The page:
(c) Improve the public atmosphere for negotiation to secure a settlement, including by focusing public messages on convergences and the way ahead, and delivering more constructive and harmonized messages; and by refraining from rhetoric that could make a successful process more difficult to achieve, and;

(d) Increase and strengthen the participation of civil society in the process as appropriate, with a view to mobilizing greater support for the settlement process at large;

“6. Welcomes the Secretary-General’s willingness, and expresses its full support, for his good offices to remain available to assist the sides, should they jointly decide to re‑engage in negotiations with the necessary political will, as stated in his report of 28 September 2017; and requests the Secretary‑General to maintain transition planning in relation to a settlement, guided by progress in negotiations, and encourages the sides to engage with each other, as well as with UNFICYP and the United Nations good offices mission in this regard;

“7. Urges the implementation and further development of confidence‑building measures based on a shared vision for the future and joint actions, and looks forward to agreement on and implementation of further such mutually acceptable steps, including military confidence‑building measures and the opening of crossing points already agreed upon and others, and urges the sides to promote intercommunal contacts, exchange and cooperation thereby contributing to a conducive environment for a settlement;

“8. Stresses the importance of the full and effective participation of civil society and women in particular at all stages of the peace process and urges their involvement in the development and implementation of post‑conflict strategies for sustainable peace, including by revitalizing the Gender Committee and considering the Secretary‑General’s proposal to conduct a gender‑sensitive socioeconomic impact assessment;

“9. Further stresses the importance of the full and effective participation of youth; recognizes the important work of the bicommunal Technical Committee on Education and calls on both sides to facilitate intercommunal youth contacts;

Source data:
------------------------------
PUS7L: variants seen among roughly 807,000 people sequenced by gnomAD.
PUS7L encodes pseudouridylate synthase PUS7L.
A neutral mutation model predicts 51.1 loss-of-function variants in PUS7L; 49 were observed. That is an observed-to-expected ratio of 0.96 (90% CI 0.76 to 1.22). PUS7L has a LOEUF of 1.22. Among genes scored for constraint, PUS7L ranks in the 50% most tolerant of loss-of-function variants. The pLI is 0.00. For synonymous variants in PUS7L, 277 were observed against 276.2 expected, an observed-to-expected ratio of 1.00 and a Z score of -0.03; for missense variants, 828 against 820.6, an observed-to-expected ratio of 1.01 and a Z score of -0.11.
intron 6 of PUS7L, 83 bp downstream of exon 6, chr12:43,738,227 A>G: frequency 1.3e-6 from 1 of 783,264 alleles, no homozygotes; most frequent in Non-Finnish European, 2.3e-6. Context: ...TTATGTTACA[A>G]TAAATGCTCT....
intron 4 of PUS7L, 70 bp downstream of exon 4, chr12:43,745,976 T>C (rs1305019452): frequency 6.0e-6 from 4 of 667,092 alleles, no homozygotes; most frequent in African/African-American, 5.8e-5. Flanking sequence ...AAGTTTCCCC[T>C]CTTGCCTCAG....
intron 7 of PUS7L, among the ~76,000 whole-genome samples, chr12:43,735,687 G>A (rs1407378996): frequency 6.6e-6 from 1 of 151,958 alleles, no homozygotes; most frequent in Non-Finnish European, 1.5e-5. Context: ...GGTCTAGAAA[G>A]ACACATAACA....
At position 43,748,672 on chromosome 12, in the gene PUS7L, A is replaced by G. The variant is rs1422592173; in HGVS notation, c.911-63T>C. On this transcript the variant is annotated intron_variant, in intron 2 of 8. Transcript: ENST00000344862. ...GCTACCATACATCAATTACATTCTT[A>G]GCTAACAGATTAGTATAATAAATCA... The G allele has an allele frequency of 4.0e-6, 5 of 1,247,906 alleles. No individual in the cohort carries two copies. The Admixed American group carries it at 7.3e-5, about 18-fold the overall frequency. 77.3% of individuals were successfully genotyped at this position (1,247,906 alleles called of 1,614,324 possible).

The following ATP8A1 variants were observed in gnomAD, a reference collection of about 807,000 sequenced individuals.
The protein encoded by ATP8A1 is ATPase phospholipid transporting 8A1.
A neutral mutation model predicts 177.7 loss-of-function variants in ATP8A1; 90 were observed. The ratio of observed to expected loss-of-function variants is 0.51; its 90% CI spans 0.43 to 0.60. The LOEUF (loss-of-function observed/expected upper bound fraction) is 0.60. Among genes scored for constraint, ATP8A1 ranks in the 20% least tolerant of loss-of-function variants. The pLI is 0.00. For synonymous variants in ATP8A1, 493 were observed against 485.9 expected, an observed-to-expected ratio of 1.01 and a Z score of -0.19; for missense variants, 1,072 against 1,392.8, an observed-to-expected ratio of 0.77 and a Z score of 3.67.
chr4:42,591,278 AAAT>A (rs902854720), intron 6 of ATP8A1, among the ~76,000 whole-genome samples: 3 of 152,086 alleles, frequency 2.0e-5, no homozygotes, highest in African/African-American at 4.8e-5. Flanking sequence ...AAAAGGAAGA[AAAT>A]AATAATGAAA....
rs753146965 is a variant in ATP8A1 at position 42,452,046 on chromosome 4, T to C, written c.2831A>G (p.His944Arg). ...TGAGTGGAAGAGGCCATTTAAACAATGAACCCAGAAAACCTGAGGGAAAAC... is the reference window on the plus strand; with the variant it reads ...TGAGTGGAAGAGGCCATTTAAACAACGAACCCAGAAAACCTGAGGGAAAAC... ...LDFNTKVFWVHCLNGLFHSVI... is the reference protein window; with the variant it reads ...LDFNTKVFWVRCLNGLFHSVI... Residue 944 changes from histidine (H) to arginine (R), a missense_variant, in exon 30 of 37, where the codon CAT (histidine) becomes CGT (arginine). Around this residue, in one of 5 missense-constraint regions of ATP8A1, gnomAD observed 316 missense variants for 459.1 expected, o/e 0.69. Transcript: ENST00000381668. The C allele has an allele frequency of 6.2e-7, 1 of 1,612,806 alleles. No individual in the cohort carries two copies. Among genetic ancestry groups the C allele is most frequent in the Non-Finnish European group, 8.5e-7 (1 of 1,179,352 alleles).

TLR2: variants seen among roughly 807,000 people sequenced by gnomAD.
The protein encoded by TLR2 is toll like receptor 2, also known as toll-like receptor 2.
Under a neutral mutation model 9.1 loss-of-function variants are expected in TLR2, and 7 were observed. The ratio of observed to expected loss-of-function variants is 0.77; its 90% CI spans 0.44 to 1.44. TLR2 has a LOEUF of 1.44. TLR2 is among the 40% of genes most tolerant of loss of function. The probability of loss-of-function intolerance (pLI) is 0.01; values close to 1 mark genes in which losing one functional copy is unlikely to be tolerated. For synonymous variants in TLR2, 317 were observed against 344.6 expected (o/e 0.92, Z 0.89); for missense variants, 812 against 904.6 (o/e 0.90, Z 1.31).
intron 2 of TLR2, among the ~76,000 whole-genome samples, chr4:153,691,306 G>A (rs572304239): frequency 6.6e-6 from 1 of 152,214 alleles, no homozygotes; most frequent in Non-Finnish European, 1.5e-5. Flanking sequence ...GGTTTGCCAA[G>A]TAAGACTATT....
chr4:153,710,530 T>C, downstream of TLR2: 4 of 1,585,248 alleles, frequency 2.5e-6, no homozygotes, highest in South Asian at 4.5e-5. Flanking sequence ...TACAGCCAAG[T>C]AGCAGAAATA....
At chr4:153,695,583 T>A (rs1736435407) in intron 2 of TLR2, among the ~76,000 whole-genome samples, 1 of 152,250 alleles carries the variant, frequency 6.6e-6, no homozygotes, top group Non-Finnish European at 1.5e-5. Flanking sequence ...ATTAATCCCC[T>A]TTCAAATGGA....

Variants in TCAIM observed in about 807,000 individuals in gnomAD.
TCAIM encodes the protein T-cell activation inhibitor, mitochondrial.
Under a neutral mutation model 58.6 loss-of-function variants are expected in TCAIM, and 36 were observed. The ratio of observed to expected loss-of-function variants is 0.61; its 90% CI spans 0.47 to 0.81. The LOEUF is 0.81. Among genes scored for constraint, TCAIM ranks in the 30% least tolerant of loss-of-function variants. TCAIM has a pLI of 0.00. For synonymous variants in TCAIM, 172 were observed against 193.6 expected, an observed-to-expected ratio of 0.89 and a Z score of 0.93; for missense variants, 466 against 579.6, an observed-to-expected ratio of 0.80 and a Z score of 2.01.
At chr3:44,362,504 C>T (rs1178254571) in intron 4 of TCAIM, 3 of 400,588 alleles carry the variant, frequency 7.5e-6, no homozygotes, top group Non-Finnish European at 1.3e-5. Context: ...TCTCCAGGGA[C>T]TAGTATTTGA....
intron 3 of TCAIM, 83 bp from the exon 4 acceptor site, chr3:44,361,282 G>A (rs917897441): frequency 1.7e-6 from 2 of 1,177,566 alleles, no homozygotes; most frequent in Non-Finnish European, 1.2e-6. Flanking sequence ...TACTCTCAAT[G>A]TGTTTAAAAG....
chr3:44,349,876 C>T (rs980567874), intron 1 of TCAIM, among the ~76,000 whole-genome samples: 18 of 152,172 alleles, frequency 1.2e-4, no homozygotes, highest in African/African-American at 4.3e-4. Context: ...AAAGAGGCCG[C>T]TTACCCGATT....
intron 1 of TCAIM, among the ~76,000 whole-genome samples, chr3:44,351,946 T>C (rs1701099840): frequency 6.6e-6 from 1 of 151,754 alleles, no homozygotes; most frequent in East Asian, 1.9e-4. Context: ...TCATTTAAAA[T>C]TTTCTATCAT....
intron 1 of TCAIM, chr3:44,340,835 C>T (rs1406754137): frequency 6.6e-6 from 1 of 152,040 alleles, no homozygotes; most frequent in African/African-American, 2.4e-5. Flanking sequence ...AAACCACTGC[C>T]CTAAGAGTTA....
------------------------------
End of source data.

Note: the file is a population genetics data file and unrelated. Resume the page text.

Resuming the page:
“10. Welcomes all efforts to accommodate the Committee on Missing Persons exhumation requirements as well as the joint appeal for information issued by the two leaders on 28 May 2015, and calls upon all parties to provide more expeditious, full access to all areas and to respond to the Committee’s request for archival information on possible burial sites, given the need to accelerate the Committee’s work;

“11. Expresses its full support for UNFICYP and decides to extend its mandate for a further period ending 31 January 2019;

“12. Supports the need to improve the mission’s capacity for liaison and engagement with the sides across all components, including people‑to‑people contacts, to keep stability and calm, and thereby contribute effectively to conditions conducive to progress in a settlement process; and requests the Secretary‑General to increase the number of women in UNFICYP as well as to ensure the meaningful participation of women in all aspects of operations;

“13. Calls on both sides to continue to engage, as a matter of urgency and while respecting the mandate of UNFICYP, in consultations with UNFICYP on the demarcation of the buffer zone and implement the United Nations aide‑mémoire, with a view to reaching early agreement on outstanding issues;

“14. Calls on the Turkish Cypriot side and Turkish forces to restore in Strovilia the military status quo which existed there prior to 30 June 2000;

“15. Calls on both sides to allow access to deminers and to facilitate the removal of the remaining mines in Cyprus within the buffer zone, and urges both sides to extend demining operations outside the buffer zone;

“16. Requests the Secretary‑General to submit a report on his good offices and the outcome of United Nations consultant Jane Holl Lute’s consultations by 15 October 2018; further requests the Secretary‑General to submit a report on implementation of this resolution by 10 January 2019, including progress on confidence‑building measures, and to keep the Security Council updated on events as necessary;

“17. Welcomes the initiatives undertaken by the Secretary‑General to standardize a culture of performance in United Nations peacekeeping, calls on him to continue his efforts to develop an integrated performance policy framework, and to apply it, once completed and endorsed, including to UNFICYP;

“18. Welcomes the efforts being undertaken by UNFICYP to implement the Secretary‑General’s zero‑tolerance policy on sexual exploitation and abuse and to ensure full compliance of its personnel with the United Nations code of conduct, requests the Secretary‑General to continue to take all necessary action in this regard and to keep the Security Council informed, and urges troop- and police‑contributing countries to take appropriate preventive action including the conduct of predeployment awareness training, and to take disciplinary action and other action to ensure full accountability in cases of such conduct involving their personnel;

“19. Decides to remain seized of the matter.”

Cyprus  |  UNFICYP  |  UN  |  peace